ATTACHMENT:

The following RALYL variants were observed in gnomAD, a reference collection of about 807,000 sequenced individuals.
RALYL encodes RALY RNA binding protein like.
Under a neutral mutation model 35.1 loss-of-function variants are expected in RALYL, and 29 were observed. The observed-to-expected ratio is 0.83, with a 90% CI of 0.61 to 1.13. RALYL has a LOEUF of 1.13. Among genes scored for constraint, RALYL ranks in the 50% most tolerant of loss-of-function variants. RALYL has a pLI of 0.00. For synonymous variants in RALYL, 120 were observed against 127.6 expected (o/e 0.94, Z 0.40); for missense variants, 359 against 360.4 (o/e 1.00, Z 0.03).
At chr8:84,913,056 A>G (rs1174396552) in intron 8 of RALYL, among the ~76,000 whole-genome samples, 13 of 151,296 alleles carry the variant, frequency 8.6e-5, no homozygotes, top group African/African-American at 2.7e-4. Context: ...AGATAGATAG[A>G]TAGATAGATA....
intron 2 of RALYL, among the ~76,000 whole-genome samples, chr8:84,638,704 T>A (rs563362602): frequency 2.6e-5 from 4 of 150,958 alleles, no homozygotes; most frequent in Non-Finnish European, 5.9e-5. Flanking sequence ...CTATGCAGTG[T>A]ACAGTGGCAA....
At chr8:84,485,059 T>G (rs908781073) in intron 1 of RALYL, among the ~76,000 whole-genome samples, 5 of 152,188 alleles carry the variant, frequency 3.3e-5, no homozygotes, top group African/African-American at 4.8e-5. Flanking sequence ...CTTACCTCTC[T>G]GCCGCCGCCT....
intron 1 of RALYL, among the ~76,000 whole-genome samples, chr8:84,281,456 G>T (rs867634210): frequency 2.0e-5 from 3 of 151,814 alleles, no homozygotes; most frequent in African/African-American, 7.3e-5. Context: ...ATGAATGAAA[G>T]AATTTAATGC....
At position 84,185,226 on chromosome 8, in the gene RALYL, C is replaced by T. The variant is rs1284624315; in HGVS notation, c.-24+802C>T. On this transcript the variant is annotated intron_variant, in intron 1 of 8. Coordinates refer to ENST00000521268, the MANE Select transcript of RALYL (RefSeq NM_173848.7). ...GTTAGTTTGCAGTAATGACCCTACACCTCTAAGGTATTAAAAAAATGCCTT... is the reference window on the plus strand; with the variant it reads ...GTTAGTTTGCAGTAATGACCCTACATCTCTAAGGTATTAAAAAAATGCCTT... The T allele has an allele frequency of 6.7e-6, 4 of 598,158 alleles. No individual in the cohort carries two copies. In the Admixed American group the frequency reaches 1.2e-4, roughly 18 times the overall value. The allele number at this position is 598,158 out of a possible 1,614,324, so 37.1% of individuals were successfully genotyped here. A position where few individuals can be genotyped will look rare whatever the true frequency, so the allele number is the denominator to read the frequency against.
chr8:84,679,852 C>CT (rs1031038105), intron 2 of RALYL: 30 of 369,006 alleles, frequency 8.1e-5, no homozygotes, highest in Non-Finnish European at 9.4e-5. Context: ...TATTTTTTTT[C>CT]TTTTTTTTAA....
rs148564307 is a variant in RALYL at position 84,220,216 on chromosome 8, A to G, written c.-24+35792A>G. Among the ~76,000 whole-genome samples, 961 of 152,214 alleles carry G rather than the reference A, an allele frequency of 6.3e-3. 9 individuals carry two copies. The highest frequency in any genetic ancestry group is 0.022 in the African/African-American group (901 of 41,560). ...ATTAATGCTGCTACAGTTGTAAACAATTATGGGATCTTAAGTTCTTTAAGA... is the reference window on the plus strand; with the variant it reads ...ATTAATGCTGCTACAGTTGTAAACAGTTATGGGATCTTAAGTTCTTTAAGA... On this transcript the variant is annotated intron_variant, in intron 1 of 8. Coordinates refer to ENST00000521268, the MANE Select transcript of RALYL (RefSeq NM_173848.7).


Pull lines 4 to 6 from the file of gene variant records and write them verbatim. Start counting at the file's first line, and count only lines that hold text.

At chr8:84,913,056 A>G (rs1174396552) in intron 8 of RALYL, among the ~76,000 whole-genome samples, 13 of 151,296 alleles carry the variant, frequency 8.6e-5, no homozygotes, top group African/African-American at 2.7e-4. Context: ...AGATAGATAG[A>G]TAGATAGATA....
intron 2 of RALYL, among the ~76,000 whole-genome samples, chr8:84,638,704 T>A (rs563362602): frequency 2.6e-5 from 4 of 150,958 alleles, no homozygotes; most frequent in Non-Finnish European, 5.9e-5. Flanking sequence ...CTATGCAGTG[T>A]ACAGTGGCAA....
At chr8:84,485,059 T>G (rs908781073) in intron 1 of RALYL, among the ~76,000 whole-genome samples, 5 of 152,188 alleles carry the variant, frequency 3.3e-5, no homozygotes, top group African/African-American at 4.8e-5. Flanking sequence ...CTTACCTCTC[T>G]GCCGCCGCCT....